A. Danzig: Turns out he’s totally right. He’s totally unmasked. He’s totally, he’s like, he’s just a pure reaction. Yeah, he’s got it. He’s got a sense of fairness and he doesn’t have a sense that the theater that you should shut up and let the actors do what the actors do. And this on some level, this is the, this is the deepest politic of, of the work. It’s a good. It’s always about, for us that the liveliness of the interaction between the audience and the people on stage. It’s always about like, no, you’re here. You exist and we feel you. And what you do is in the show and the show was over. They showed can’t exist without you. That’s always happening. Everybody kind of. My definition of clown is clown includes comedy, but isn’t, isn’t restricted to one of the things we say is, is is normal people who live in a scale from them,
S. Salis: 10 in clown lips from five to 15. I am Simona salice and these this humans, every Thursday there is a new free app, is ready for you to download on your favorite podcast app with a full transcript available on humans. Don’t work, but not just that. I’m often looking for book recommendations and I started asking to each gas to share the books that made them introspect the most, something that they wanted to share with the listeners. And now you can download their book recommendations every Tuesday in a new conversation, shorter than 10 minutes. And you can also find the list from each guest on books the homelands.org. Today’s guest is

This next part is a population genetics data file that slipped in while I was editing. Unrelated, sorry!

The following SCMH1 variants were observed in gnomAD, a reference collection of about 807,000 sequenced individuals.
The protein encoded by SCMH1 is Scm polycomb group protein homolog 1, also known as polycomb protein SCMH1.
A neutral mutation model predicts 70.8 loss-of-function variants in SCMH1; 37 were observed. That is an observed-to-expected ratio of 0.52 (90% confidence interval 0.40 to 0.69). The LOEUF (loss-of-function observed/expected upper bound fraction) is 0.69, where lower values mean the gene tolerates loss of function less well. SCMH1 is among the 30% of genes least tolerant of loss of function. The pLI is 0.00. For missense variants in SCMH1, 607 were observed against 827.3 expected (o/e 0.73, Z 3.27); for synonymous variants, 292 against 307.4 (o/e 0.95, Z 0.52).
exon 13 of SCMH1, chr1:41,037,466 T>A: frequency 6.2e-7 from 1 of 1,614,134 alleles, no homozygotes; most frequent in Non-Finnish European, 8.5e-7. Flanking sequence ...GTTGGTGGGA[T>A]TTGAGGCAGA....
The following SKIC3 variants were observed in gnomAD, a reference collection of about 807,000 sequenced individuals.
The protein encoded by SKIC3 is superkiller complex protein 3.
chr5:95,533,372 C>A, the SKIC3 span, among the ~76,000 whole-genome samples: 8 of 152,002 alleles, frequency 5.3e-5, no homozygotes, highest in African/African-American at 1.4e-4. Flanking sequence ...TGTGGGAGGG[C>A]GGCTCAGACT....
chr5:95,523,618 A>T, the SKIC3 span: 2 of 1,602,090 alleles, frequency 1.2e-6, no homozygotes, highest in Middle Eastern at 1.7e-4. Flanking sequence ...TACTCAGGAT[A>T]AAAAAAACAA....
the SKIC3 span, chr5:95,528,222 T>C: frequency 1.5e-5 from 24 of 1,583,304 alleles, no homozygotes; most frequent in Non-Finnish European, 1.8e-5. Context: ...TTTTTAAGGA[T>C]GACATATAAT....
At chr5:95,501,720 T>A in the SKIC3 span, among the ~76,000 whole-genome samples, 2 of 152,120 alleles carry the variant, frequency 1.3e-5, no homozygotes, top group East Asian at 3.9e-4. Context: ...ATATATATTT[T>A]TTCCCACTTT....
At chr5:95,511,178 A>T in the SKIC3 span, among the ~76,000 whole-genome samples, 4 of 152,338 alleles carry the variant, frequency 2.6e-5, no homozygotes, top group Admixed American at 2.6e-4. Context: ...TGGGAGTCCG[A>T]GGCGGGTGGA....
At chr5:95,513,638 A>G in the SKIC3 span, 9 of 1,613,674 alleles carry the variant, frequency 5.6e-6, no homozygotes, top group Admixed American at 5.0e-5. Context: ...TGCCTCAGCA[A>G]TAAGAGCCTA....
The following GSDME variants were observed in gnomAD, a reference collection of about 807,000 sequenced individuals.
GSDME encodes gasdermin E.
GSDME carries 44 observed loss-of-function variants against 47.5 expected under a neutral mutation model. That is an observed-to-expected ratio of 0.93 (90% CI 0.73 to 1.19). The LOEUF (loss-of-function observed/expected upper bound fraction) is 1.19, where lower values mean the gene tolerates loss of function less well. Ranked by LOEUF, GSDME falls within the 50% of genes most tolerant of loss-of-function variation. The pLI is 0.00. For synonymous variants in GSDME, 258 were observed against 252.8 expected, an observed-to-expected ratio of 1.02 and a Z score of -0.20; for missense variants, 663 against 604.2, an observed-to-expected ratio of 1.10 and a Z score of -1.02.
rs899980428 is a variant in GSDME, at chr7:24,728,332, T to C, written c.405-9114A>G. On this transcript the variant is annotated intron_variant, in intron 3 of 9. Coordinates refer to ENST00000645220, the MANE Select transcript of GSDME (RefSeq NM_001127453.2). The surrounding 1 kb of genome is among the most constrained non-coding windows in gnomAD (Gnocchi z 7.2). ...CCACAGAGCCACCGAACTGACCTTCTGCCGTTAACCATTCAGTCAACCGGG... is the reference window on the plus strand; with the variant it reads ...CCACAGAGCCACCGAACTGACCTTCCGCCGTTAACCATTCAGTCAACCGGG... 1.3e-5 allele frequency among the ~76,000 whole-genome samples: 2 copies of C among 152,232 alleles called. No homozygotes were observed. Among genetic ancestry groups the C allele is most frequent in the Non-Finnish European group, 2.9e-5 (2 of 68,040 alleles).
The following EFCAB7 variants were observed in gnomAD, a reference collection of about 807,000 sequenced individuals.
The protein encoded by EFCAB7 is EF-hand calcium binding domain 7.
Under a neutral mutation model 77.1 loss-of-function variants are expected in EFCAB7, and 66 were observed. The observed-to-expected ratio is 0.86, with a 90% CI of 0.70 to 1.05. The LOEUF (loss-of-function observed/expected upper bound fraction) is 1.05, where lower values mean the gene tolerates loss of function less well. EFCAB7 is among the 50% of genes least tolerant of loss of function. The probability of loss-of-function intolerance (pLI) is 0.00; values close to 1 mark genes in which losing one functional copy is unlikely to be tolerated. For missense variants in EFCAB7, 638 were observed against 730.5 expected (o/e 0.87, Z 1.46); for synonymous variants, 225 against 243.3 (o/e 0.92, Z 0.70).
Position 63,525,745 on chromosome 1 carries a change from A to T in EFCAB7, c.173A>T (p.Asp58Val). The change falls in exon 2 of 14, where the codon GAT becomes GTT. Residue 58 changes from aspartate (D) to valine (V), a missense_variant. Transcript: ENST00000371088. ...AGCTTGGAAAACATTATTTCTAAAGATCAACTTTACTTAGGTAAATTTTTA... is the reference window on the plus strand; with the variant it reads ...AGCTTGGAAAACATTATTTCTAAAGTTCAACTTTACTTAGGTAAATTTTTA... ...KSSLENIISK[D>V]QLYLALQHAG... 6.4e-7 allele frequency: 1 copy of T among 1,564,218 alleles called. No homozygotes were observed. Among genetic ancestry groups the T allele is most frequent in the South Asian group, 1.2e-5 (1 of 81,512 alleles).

Speaker 6: Adrian dances, founder of the theater company. $500.
S. Salis: Body is warm. This is fundamental to the kind of art that you work on, but body also has its own course of, of it. It starts, it, it gets into a middle, and then I was told that there is a specific and for everyone. Yeah.
A. Danzig: Turns, it turns out, uh, so what’s the old um, but
S. Salis: have you considered the fact that being a physical performer growing up, your abilities would change? Absolutely. And what was your idea when you were younger? What is it now that it. Let me say this. You are, I guess in your fifties. You’re in an amazing shave. I’m your fasting today.